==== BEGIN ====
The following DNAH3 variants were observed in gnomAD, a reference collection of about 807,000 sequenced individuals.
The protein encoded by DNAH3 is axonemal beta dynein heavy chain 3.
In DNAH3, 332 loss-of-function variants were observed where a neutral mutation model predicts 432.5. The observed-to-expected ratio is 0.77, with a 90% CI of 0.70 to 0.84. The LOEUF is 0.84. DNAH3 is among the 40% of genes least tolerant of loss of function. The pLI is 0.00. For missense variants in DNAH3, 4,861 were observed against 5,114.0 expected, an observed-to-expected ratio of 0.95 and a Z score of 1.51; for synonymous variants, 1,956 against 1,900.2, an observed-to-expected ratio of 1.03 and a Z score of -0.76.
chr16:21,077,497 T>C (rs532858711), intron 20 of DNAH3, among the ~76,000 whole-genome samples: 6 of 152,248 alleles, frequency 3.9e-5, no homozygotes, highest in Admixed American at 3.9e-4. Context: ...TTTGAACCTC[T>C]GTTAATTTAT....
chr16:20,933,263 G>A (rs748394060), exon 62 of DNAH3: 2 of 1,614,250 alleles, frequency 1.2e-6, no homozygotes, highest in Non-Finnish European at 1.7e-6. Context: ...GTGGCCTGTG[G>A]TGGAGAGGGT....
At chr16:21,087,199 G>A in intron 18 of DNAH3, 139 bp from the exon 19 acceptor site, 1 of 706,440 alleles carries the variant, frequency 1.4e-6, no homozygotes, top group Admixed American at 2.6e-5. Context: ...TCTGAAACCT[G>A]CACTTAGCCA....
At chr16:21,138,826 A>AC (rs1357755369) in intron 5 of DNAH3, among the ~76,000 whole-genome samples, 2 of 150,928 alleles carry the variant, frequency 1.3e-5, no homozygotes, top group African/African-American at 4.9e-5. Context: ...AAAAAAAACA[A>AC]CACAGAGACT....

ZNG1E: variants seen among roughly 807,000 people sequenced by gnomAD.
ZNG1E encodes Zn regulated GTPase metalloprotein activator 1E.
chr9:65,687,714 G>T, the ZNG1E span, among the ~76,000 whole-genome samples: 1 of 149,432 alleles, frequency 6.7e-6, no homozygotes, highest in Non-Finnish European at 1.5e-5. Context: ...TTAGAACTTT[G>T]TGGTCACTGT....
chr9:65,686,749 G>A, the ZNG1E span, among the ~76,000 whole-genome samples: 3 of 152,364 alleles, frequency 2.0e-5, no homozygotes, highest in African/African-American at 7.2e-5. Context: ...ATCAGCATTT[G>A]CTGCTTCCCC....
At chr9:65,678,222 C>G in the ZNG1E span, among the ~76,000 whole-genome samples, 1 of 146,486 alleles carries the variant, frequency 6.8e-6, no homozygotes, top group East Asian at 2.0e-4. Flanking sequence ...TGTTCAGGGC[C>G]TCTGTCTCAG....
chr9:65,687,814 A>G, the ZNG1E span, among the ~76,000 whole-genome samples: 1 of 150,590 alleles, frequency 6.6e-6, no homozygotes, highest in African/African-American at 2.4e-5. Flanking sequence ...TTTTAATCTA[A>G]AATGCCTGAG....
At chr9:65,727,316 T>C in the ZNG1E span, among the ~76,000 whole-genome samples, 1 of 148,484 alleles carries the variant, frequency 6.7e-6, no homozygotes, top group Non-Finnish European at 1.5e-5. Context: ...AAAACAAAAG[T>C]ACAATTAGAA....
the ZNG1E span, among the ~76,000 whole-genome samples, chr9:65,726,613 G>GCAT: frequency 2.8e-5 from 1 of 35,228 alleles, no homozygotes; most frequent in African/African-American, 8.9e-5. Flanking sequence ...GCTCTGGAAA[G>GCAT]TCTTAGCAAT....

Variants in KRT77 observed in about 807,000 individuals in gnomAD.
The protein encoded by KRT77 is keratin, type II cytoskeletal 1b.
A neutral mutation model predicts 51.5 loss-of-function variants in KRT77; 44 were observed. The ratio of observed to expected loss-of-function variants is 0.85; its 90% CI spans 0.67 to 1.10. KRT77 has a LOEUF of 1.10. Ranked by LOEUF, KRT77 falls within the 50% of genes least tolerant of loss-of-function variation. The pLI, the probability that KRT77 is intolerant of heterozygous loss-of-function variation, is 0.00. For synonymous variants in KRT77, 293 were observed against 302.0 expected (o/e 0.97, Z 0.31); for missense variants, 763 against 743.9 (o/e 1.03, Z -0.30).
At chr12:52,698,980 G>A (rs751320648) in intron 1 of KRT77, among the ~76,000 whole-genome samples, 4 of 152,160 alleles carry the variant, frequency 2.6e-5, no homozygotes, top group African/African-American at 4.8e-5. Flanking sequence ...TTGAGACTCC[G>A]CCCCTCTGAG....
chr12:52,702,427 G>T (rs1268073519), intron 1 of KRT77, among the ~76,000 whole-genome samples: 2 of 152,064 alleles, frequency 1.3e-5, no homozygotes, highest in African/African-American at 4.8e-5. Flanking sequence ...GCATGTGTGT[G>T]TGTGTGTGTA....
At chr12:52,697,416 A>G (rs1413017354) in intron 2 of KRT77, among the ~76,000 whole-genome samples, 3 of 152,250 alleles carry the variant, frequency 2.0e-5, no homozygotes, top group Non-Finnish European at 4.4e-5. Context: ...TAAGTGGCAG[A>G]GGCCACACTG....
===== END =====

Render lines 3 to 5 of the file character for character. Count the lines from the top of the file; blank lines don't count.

In DNAH3, 332 loss-of-function variants were observed where a neutral mutation model predicts 432.5. The observed-to-expected ratio is 0.77, with a 90% CI of 0.70 to 0.84. The LOEUF is 0.84. DNAH3 is among the 40% of genes least tolerant of loss of function. The pLI is 0.00. For missense variants in DNAH3, 4,861 were observed against 5,114.0 expected, an observed-to-expected ratio of 0.95 and a Z score of 1.51; for synonymous variants, 1,956 against 1,900.2, an observed-to-expected ratio of 1.03 and a Z score of -0.76.
chr16:21,077,497 T>C (rs532858711), intron 20 of DNAH3, among the ~76,000 whole-genome samples: 6 of 152,248 alleles, frequency 3.9e-5, no homozygotes, highest in Admixed American at 3.9e-4. Context: ...TTTGAACCTC[T>C]GTTAATTTAT....
chr16:20,933,263 G>A (rs748394060), exon 62 of DNAH3: 2 of 1,614,250 alleles, frequency 1.2e-6, no homozygotes, highest in Non-Finnish European at 1.7e-6. Context: ...GTGGCCTGTG[G>A]TGGAGAGGGT....